With each album, Clairo has taken something of an auteurist’s approach by enlisting the faculties of a single producer. Rostam Batmanglij helmed her infectious debut, 2019’s alt-pop opus Immunity; the omnipresent Jack Antonoff was behind the boards for its follow-up, 2021’s hushed, toned-down Sling. Her forthcoming third album, Charm, sees her working with Leon Michels. Lead single “Sexy To Someone” strikes the middle point between Clairo’s previous two releases, not completely stripped down nor completely blown out, but serving as the connection tissue, conjoining those two ends. It’s a reminder that, even with Clairo selecting a producer for each of her records, she is at the center of it all, the true auteur herself.

Sinai Vessel – “Best Witness”

“I’m my best witness,” Caleb Cordes sings in the main hook of “Best Witness.” As the lead single for his fourth album as Sinai Vessel, it’s a fitting thesis. On I SING, out July 26, the Asheville, North Carolina musician issues a proud declaration of selfhood. He holds up introspection as a pillar for living a more meaningful life, a vessel for his art that equally evokes fellow indie rockers like Wild Pink, Hovvdy, and Youth Lagoon. Built on a palette of muted percussion, melodic guitars, and Cordes’ quiet vocal tone, “Best Witness” is a stunning rumination on what it means to truly understand yourself.

Young Jesus – The Fool

In John Rossiter’s music as Young Jesus, his gentle, affecting songs about heartbreak, youth, and companionship take on lives of their own. Rossiter’s carefully rendered worlds are Springsteenian in sentiment yet intimate in scope. The Fool, the seventh Young Jesus album, tactfully blends Rossiter’s predilections for grand narrative and lived-in warmth. It’s a difficult balance to manage, but on songs like “Gods Plan,” “MOTY,” and “Brenda & Diane,” he pulls it off effortlessly.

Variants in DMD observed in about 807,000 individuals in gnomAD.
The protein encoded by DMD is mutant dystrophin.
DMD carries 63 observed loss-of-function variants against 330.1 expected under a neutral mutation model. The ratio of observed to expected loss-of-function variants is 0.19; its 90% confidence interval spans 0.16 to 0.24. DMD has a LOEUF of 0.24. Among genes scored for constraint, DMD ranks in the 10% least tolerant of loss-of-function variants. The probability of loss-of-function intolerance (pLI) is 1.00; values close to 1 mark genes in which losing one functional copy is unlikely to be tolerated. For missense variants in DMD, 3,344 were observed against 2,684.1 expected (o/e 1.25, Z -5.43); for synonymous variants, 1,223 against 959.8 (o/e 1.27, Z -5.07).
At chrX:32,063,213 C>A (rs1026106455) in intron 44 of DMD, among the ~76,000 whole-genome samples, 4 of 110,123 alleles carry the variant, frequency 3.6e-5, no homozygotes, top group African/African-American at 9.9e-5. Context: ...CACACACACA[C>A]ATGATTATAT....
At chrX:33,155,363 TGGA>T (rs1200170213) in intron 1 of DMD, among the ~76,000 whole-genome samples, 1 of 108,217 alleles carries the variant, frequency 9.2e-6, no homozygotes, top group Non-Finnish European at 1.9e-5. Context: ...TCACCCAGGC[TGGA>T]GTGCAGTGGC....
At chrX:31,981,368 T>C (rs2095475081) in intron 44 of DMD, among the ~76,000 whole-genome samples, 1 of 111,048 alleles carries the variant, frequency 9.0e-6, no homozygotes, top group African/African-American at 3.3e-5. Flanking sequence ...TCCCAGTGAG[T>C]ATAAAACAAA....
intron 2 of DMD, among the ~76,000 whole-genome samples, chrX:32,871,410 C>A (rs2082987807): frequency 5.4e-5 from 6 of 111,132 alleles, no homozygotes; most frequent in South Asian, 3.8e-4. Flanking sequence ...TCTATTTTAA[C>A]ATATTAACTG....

Been Stellar – “Pumpkin”

Next month, the NYC post-punk five-piece Been Stellar will share their debut album, Scream From New York, NY. And they’ve given us another preview of it, “Pumpkin,” which gradually picks up steam from its muted, subdued palette; the volume steadily increases, and just as a moment of catharsis seems like it’s about to hit, everything withers away, exhibiting Been Stellar’s canny self-restraint, indulging in only what they deem fit.

Fashion Club – “Rotten Mind”

Pascal Stevenson has worked with countless indie artists. Her resume includes names like Sasami, Girlpool, and Cherry Glazerr, just to name a few. But she also makes wonderful music of her own as Fashion Club. “Rotten Mind,” featuring the Buffalo songwriter Julie Byrne, belies its tender instrumentation with an excoriating critique of bigoted hypocrisy. “It’s not love / It’s just a filthy habit you can’t wish away,” she sings toward the song’s end, her voice rising ever so subtly with each word.

Marina Allen – “Deep Fake”

You’d expect an artist with a song like “Deep Fake” would largely be concerned with the burgeoning dystopian milieu we all live in, interrogating technological malfeasance and the surveillance state embodied by modern life. But Marina Allen doesn’t go full doom-and-gloom on Eight Pointed Star, her forthcoming album out June 7. “Deep Fake,” rather, is a paean to self-love and how that inner compassion can be realized through confronting our nefarious, societal mechanisms, like the song’s namesake. “Deep Fake” is urgent, but it conveys that urgency with a reminder to grant yourself some kindness.